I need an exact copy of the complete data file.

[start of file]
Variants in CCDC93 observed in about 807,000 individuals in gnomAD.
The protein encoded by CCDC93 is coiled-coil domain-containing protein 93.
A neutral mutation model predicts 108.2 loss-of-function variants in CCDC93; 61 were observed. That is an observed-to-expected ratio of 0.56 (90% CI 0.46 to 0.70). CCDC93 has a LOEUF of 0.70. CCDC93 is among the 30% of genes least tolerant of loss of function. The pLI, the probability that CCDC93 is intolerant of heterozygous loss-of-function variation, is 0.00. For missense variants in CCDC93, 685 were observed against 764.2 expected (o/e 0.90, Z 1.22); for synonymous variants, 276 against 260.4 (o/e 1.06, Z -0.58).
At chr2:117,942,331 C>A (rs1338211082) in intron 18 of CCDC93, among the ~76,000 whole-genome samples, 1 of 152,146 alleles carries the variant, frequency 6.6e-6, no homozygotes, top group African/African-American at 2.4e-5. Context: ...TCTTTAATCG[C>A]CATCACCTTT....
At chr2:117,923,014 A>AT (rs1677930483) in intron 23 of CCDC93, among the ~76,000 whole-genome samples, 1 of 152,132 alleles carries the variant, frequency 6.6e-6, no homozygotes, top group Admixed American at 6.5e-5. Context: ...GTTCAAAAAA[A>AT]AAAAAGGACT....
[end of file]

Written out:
Variants in CCDC93 observed in about 807,000 individuals in gnomAD.
The protein encoded by CCDC93 is coiled-coil domain-containing protein 93.
A neutral mutation model predicts 108.2 loss-of-function variants in CCDC93; 61 were observed. That is an observed-to-expected ratio of 0.56 (90% CI 0.46 to 0.70). CCDC93 has a LOEUF of 0.70. CCDC93 is among the 30% of genes least tolerant of loss of function. The pLI, the probability that CCDC93 is intolerant of heterozygous loss-of-function variation, is 0.00. For missense variants in CCDC93, 685 were observed against 764.2 expected (o/e 0.90, Z 1.22); for synonymous variants, 276 against 260.4 (o/e 1.06, Z -0.58).
At chr2:117,942,331 C>A (rs1338211082) in intron 18 of CCDC93, among the ~76,000 whole-genome samples, 1 of 152,146 alleles carries the variant, frequency 6.6e-6, no homozygotes, top group African/African-American at 2.4e-5. Context: ...TCTTTAATCG[C>A]CATCACCTTT....
At chr2:117,923,014 A>AT (rs1677930483) in intron 23 of CCDC93, among the ~76,000 whole-genome samples, 1 of 152,132 alleles carries the variant, frequency 6.6e-6, no homozygotes, top group Admixed American at 6.5e-5. Context: ...GTTCAAAAAA[A>AT]AAAAAGGACT....